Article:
You’ve been there. A new idea is floated, a change is introduced, or a solution to a vexing problem is suggested and the responses include:
“We can’t do it that way.”
“That will never work.”
If you have worked in an organization or led in any capacity, you have heard the new idea naysayers. These comments can be cynical, deflating, and energy draining, so the question is how do we deal with those comments?
Before we deal with the comments themselves, let’s talk about why they occur.
First off, the title of this article, while hopefully clever, isn’t really accurate. If you focus on the person (e.g. “they” always respond that way), you won’t look further or have a productive way to respond. It isn’t really about a person – it is about their comments.
Why do people respond in these negative ways? Here is a partial, but useful list.
It is a habit. The initial negative comment is some people’s habitual response to something new or different. This doesn’t necessarily mean their resistance can’t be overcome. Their comment might put a damper on the energy of the group (and we will talk about that below in Solutions), but recognize their response may only be a conditioned response. One reason people do this out of habit is that they have found it works in reducing the amount of change they face, which leads to the next point …
They are scared. One reason people respond to new ideas negatively is that they are scared. The future would be different than the present and that can be scary. They may know how things work now, and with change, maybe it will be harder. Change can be scary, and that will be true even if others aren’t scared as much as the person making the negative comment.
It is what they (really) believe. Not habit, not scared, they may be stating the truth as they see it. They may think this is a bad idea, that it won’t make things better, that it really won’t work. If that is their view, do we really want to squelch that input?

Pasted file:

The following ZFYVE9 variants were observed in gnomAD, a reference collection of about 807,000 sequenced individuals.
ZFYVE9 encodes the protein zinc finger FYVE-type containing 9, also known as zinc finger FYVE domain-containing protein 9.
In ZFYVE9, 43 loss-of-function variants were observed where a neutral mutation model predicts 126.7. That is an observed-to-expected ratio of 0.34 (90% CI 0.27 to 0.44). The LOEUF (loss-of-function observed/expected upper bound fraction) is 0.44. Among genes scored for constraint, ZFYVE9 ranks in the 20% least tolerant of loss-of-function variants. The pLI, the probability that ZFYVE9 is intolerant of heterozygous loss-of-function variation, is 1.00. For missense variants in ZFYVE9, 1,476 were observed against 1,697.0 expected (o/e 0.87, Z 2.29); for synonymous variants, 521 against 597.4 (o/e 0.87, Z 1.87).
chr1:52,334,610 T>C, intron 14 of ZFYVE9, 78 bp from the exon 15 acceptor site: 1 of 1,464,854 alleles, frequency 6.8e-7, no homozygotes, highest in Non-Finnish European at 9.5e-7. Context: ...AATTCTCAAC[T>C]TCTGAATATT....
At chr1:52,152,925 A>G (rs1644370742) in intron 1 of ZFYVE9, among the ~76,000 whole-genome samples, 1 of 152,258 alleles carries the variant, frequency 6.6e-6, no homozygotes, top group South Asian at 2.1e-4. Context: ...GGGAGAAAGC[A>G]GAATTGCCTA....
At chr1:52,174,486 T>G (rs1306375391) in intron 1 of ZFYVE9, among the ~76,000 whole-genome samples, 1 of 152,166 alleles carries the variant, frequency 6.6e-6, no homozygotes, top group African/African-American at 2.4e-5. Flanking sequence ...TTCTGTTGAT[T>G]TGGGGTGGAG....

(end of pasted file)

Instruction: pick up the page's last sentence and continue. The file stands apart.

They misunderstand the situation. This is connected to the last point. They may not like the idea, but from your perspective, they may not fully grasp or understand it yet. When you recognize that sometimes the negative comment is nothing more than a lack of awareness, your response will be different, and likely more effective.
They are trying to reduce risk. Some people have a gift of thinking past the initial idea and seeing the impacts of that idea. Often these people move past “yes we can do that” immediately to “here are my concerns” or “these are things we will need to address” (and perhaps they don’t know how to address them yet). Again, that perspective is invaluable, and while we might coach them on how to share those concerns, we definitely want that information!
Once we realize that the cause of their negativity could come from many sources, we are in a better frame of mind to respond more effectively to their comments. Specifically, here are some strategies to help you do that.
Let people talk. Too often, leaders see the negative comments as a problem and try to shut down or minimize that person’s input. Now that you think about the sources above, you really don’t want to do that. Let people share their concerns. Ask questions based on the ideas above to determine the source or cause of their negativity. Even if it is mostly venting, let them get their thoughts, feelings, and concerns on the table.
Value their input. When you let people talk, value them and their message by listening to them and thanking them for their input. You do not have to agree with them to do those two things.
Learn their perspective. Use the time they are talking to understand their perspective, their concerns and more. You will likely learn something, and will be in a better position to respond to them then.
Ask a different question. After you have done the first three suggestions on this list, flip the script. For example, if someone says, “we can’t make that work,” ask the opposite question “How could we make it work?” After hearing their input, ask them to look at the other side of the conversation. This will usually put some energy back in the room and allow that person (or the group) to focus on overcoming the concerns and obstacles that have just been identified.
Provide some coaching. As a leader, when considering the sources above, you will see there may be some coaching opportunities. If that is the case, outside of the moment, give some coaching on how someone could communicate more effectively in those situations. As just one example, if it is a habit, the person may be unaware, and your coaching could be seen as valuable.
Regardless of the title of this article, it isn’t about the naysayer, it is about the comment and its impact. When you stop to consider the potential source of the comment, you put yourself in a much better position to respond more effectively.
If you struggle with negativity more broadly than this, you might consider downloading my webinar titled Overcoming the Negative Attitudes of Your Team and Those Around You. You can learn all about that here.